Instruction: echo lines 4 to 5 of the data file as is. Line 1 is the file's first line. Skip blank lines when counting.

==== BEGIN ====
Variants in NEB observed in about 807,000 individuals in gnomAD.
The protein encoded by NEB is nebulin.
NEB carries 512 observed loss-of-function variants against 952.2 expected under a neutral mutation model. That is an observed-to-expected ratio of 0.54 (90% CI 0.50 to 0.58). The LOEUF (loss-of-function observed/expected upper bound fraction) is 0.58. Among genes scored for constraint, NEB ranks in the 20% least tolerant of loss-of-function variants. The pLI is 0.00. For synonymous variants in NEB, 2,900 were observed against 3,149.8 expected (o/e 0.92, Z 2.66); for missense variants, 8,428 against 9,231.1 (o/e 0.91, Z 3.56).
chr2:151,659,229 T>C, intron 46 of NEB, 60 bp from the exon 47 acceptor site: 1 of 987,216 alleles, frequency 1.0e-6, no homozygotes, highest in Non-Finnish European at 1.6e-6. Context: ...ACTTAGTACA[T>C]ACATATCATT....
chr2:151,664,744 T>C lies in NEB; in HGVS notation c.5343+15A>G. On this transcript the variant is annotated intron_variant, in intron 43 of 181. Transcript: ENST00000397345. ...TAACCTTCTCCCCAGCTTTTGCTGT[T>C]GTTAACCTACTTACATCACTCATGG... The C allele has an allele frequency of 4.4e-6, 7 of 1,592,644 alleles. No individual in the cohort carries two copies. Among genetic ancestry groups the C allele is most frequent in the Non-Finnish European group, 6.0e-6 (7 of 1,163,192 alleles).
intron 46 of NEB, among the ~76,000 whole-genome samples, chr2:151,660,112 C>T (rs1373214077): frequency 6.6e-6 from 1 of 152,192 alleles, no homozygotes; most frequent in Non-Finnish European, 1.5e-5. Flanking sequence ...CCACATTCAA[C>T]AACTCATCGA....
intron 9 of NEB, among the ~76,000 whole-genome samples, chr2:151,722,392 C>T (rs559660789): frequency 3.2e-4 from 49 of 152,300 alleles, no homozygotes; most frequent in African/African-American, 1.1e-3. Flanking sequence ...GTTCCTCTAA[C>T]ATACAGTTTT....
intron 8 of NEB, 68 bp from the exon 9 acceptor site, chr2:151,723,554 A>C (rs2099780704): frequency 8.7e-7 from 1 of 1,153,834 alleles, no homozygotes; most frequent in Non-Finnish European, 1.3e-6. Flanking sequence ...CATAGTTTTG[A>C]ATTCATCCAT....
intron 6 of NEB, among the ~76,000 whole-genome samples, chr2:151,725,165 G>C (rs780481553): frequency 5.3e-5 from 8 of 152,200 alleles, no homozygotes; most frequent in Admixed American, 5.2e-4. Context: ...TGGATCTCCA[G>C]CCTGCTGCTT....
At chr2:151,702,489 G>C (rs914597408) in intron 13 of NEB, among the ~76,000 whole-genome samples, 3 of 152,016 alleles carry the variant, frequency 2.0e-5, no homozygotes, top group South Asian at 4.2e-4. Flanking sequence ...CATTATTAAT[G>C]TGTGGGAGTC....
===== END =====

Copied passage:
chr2:151,659,229 T>C, intron 46 of NEB, 60 bp from the exon 47 acceptor site: 1 of 987,216 alleles, frequency 1.0e-6, no homozygotes, highest in Non-Finnish European at 1.6e-6. Context: ...ACTTAGTACA[T>C]ACATATCATT....
chr2:151,664,744 T>C lies in NEB; in HGVS notation c.5343+15A>G. On this transcript the variant is annotated intron_variant, in intron 43 of 181. Transcript: ENST00000397345. ...TAACCTTCTCCCCAGCTTTTGCTGT[T>C]GTTAACCTACTTACATCACTCATGG... The C allele has an allele frequency of 4.4e-6, 7 of 1,592,644 alleles. No individual in the cohort carries two copies. Among genetic ancestry groups the C allele is most frequent in the Non-Finnish European group, 6.0e-6 (7 of 1,163,192 alleles).